|Breaking Open the Word|
|World & Nation|
October 1, 2008
Six men ordained deacons in step toward priesthood
Five of the six men come from foreign countries
By Roxanne King
On a balmy September morning, Archbishop Charles Chaput, O.F.M. Cap., ordained six men to the diaconate in a landmark step on their journey toward the priesthood.
Five of the six men hail from foreign countries: three are from Mexico, one is from Colombia and one is from South Korea.
“We also have a deacon from the most exotic of places—Connecticut,” the archbishop gently joked, drawing laughter from the standing-room only congregation inside the Cathedral Basilica of the Immaculate Conception Sept. 27.
Ordained were Carlos Wilson Bello-Ayala, originally from Bogota, Colombia; Mauricio Bermudez-Hernandez, originally from Puebla, Mexico; Crispin Miguel Angel Enriquez, originally from Guadalajara, Mexico; Jose de Jesus Garcia-Pedreguera, originally from Veracruz, Mexico; Damian SooHo Lee, originally from South Korea; and Joseph Toledo, originally from Bridgeport, Conn.
The men attend the two seminaries of the Denver Archdiocese—half of them attend St. John Vianney Theological Seminary and the other half Redemptoris Mater Archdiocesan Missionary Seminary. Both seminaries are located in south Denver on the John Paul II Center campus. Redemptoris Mater has ties to the Neocatechumenal Way, a Vatican approved process of spiritual formation.
Five of the men are in formation to serve the Denver Archdiocese. The men attending Redemptoris Mater also receive missionary training and may be sent at the archbishop’s discretion anywhere in the world.
Deacon Lee will be ordained a priest for the Diocese of Masan, Korea, but may eventually serve the Denver Archdiocese.
A colorfully caped and plumed Knights of Columbus honor guard led a striking procession of some 20 deacons, 35 priests, and two bishops to start the Mass.
Mass concelebrants included Auxiliary Bishop James Conley and the seminary rectors, Father Michael Glenn and Father Florian Martin-Calama. The multi-cultural liturgy had the Scripture readings proclaimed in Spanish and Korean. New director of music at the cathedral, John Miller, led the Cathedral Choir joined by members of other parish choirs and the congregation in singing beautiful hymns in Latin, Spanish and English.
In his homily, Archbishop Chaput explained that during the ordination rites he would lay hands on each of the men.
“(That) is the external sign of the sacrament of holy orders,” he said. “You are consecrated, set apart from the rest of the community for service to the Lord. This is a traditional gesture of the Church—to be consecrated means to be set aside for God’s own purposes.”
Referring to the day’s first reading from the Book of the Prophet Jeremiah (1:4-9), wherein the Lord commands the prophet to bravely preach his message, the archbishop emphasized the duty of a deacon to proclaim the Scriptures.
“Be good, enthusiastic, joyful preachers of God’s word,” the archbishop urged. “He will give you strength and courage.”
The reading from the Acts of the Apostles (8:26-40) about how the early Church deacon Philip converted an Ethiopian eunuch through preaching echoed the story of Christ meeting the disciples on the road to Emmaus and setting their hearts on fire with his explanation of the Scriptures, Archbishop Chaput said.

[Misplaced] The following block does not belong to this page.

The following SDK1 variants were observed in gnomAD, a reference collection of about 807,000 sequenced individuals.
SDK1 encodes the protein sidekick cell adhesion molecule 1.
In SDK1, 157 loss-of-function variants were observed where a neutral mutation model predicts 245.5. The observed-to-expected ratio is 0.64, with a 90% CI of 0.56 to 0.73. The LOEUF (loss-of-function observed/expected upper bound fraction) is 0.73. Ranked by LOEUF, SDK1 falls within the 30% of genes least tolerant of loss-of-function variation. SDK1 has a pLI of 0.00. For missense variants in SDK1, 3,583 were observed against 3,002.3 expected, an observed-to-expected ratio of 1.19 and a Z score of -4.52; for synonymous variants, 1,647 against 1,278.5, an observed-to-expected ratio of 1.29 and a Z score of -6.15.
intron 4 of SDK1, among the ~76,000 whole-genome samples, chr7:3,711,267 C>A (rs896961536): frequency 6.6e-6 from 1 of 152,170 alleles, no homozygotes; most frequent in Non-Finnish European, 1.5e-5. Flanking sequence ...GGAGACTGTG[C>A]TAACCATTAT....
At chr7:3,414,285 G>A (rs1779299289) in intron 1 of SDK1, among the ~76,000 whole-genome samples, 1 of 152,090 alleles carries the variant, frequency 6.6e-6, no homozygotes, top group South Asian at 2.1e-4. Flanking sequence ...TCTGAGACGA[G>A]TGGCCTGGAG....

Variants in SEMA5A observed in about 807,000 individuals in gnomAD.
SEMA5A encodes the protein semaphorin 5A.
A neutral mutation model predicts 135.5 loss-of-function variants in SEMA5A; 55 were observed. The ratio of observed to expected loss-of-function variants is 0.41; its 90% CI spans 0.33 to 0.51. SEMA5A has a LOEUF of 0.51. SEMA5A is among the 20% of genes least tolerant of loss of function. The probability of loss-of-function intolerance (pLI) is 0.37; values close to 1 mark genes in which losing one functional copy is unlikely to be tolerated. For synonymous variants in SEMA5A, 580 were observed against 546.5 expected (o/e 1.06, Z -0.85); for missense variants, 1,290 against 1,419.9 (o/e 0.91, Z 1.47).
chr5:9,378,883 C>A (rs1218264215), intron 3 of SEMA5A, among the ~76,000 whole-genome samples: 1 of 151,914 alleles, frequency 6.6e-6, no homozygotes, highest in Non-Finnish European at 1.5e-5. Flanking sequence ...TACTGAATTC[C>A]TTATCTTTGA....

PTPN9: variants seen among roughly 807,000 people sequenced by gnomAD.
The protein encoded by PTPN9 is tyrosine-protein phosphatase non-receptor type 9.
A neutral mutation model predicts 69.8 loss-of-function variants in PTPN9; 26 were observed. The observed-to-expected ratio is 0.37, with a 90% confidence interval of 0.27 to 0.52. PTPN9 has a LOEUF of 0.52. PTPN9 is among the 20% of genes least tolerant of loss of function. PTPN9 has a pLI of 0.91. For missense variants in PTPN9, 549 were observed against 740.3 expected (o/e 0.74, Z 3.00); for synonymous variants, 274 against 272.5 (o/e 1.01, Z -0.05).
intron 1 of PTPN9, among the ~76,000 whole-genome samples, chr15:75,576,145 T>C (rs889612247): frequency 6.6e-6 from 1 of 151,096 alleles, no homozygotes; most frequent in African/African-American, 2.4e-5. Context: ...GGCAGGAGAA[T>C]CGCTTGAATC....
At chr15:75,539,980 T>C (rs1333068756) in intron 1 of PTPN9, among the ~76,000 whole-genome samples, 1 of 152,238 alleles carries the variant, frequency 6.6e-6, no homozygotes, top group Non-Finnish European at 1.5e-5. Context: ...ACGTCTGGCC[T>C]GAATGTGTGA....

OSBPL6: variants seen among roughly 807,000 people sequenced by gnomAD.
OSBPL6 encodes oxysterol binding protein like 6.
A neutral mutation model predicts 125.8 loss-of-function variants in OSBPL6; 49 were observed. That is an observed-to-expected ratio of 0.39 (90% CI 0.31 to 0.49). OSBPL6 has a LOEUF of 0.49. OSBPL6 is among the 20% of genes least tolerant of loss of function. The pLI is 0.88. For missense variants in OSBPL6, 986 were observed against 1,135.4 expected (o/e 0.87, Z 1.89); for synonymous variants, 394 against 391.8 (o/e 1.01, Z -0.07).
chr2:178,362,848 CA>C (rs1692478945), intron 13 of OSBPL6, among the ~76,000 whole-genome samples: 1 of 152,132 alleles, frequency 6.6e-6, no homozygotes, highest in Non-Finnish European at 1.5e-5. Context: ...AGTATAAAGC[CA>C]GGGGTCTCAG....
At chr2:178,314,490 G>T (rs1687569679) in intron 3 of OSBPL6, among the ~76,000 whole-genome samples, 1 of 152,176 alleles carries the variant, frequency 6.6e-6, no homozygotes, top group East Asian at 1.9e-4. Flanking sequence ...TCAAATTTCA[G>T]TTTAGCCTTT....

“Your preaching my dear brothers,” he said, “should be after this example.”
The Ordination Rite began with the six men being called forward and affirmed as worthy of ordination. Upon the archbishop’s acceptance, the congregation burst into applause.
The men promised celibacy and obedience to the archbishop and his successors. Then, as they lay prostrate before the altar, the congregation sang the Litany of Supplication.
In silence, the archbishop laid hands on each of the men as they knelt before him. He then said the Prayer of Ordination over the group.
The newly ordained were vested with a deacon’s stole and dalmatic and were empowered to preach the Gospel.
“Receive the Gospel of Christ, whose herald you now are,” the archbishop said as each of the new deacons knelt in turn before him holding a gleaming silver and gold Book of Gospels.
“Believe what you read, teach what you believe and practice what you teach.”
Following the archbishop, the veteran deacons then gave each new deacon a warm embrace, welcoming them into the order of deacons.
A clergy rank of the Church in Apostolic times, the diaconate eventually became a preliminary step toward ordination to the priesthood. While it still serves this purpose for men who will become priests, including the half-dozen ordained Saturday, in 1967 the permanent diaconate was reestablished as an independent rank of holy orders.
Deacons can officiate at baptisms, weddings, wakes and funerals. They can also preach and distribute holy Communion. They cannot consecrate the Eucharist, hear confessions or anoint the sick.
With others translating his comments into Spanish and Korean, the archbishop concluded the Mass by thanking the seminaries, the men’s families, their parish communities—and for the Redemptoris Mater seminarians, their Neocatechumenal Way communities—and all those responsible for the men’s formation.
“We’re very, very grateful to all of you for passing on the faith to your sons and giving them the good example that’s led to this moment,” the archbishop said, addressing the men’s families. “Once again, congratulations and praise God.”